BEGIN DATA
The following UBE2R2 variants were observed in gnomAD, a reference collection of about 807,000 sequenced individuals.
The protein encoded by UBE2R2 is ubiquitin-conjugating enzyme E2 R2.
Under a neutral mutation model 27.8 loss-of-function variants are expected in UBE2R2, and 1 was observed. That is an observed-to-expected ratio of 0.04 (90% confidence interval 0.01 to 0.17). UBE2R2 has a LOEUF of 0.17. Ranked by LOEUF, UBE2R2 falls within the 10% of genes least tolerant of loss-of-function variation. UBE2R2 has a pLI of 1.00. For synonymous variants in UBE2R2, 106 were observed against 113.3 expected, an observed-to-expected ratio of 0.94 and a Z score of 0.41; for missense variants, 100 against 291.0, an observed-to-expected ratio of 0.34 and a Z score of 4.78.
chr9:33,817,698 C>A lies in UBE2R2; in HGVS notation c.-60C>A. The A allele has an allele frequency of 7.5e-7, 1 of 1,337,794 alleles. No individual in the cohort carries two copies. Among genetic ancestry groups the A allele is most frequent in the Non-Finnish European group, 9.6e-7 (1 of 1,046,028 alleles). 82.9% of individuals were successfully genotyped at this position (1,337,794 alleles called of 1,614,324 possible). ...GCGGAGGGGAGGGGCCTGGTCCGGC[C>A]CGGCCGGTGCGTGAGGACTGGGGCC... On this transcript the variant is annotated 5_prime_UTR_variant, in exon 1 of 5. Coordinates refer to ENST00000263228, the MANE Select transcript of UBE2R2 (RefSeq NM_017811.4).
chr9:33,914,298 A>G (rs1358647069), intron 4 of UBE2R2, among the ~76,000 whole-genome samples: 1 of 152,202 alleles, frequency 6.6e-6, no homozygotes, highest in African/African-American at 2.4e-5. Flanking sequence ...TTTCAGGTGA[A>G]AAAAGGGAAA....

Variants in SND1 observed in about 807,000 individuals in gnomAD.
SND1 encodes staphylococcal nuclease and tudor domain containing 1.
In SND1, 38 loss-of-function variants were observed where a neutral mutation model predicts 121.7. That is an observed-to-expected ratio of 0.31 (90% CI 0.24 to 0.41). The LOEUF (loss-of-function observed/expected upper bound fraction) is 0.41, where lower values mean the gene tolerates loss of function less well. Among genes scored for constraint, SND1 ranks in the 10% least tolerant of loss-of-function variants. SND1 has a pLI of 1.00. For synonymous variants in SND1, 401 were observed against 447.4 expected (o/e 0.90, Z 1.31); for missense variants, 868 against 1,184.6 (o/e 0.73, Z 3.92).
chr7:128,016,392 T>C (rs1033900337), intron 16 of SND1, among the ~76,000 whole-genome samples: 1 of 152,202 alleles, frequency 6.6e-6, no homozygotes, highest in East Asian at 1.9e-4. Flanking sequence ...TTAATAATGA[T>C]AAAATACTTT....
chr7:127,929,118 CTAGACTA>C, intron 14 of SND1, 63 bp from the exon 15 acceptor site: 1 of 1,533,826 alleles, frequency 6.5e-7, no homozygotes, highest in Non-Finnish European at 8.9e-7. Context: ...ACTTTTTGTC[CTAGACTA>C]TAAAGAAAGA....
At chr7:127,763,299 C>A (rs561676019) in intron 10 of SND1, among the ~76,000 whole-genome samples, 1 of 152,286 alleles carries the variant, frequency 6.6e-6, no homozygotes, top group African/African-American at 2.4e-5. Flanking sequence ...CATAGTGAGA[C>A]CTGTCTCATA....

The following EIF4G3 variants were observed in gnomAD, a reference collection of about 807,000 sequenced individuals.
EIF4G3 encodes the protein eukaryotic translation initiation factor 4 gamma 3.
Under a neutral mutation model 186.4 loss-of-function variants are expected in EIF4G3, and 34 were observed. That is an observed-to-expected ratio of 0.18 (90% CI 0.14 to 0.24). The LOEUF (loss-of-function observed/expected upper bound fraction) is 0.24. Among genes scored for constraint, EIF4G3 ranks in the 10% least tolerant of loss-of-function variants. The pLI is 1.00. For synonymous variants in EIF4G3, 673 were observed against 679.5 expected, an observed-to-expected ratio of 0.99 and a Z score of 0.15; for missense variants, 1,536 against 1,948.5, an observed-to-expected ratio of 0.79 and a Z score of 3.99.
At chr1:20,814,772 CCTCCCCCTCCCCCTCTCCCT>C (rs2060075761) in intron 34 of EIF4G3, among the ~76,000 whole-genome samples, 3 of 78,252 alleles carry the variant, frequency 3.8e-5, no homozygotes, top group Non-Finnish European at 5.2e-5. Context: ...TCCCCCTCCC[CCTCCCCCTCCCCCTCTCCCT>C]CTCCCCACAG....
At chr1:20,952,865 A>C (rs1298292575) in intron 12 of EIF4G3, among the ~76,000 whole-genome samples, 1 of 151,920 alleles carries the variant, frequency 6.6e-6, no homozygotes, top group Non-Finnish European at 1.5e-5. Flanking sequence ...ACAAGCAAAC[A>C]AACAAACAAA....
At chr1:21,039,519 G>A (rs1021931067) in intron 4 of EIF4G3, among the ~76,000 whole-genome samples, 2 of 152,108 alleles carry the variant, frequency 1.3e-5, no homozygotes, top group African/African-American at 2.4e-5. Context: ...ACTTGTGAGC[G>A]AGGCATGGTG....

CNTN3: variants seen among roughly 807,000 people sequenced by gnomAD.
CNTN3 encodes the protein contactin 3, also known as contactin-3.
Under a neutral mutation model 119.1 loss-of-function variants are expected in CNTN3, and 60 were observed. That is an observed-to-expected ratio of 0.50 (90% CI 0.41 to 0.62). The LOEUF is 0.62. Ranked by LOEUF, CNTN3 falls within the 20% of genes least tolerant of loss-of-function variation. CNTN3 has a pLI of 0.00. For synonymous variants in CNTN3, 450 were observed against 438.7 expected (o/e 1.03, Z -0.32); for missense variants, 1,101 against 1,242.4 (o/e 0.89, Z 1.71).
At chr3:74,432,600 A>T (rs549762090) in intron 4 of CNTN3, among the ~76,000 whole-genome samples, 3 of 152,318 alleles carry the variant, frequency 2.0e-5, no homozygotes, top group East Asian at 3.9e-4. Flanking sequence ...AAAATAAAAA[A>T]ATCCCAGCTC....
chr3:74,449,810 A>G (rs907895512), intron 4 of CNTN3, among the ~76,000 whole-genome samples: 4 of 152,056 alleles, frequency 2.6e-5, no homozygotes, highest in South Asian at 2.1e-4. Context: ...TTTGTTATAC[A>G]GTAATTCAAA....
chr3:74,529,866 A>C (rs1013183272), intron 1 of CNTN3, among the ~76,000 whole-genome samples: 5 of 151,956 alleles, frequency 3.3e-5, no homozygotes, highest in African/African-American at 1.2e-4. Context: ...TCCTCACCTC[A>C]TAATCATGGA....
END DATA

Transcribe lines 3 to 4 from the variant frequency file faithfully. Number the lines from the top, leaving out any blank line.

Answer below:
Under a neutral mutation model 27.8 loss-of-function variants are expected in UBE2R2, and 1 was observed. That is an observed-to-expected ratio of 0.04 (90% confidence interval 0.01 to 0.17). UBE2R2 has a LOEUF of 0.17. Ranked by LOEUF, UBE2R2 falls within the 10% of genes least tolerant of loss-of-function variation. UBE2R2 has a pLI of 1.00. For synonymous variants in UBE2R2, 106 were observed against 113.3 expected, an observed-to-expected ratio of 0.94 and a Z score of 0.41; for missense variants, 100 against 291.0, an observed-to-expected ratio of 0.34 and a Z score of 4.78.
chr9:33,817,698 C>A lies in UBE2R2; in HGVS notation c.-60C>A. The A allele has an allele frequency of 7.5e-7, 1 of 1,337,794 alleles. No individual in the cohort carries two copies. Among genetic ancestry groups the A allele is most frequent in the Non-Finnish European group, 9.6e-7 (1 of 1,046,028 alleles). 82.9% of individuals were successfully genotyped at this position (1,337,794 alleles called of 1,614,324 possible). ...GCGGAGGGGAGGGGCCTGGTCCGGC[C>A]CGGCCGGTGCGTGAGGACTGGGGCC... On this transcript the variant is annotated 5_prime_UTR_variant, in exon 1 of 5. Coordinates refer to ENST00000263228, the MANE Select transcript of UBE2R2 (RefSeq NM_017811.4).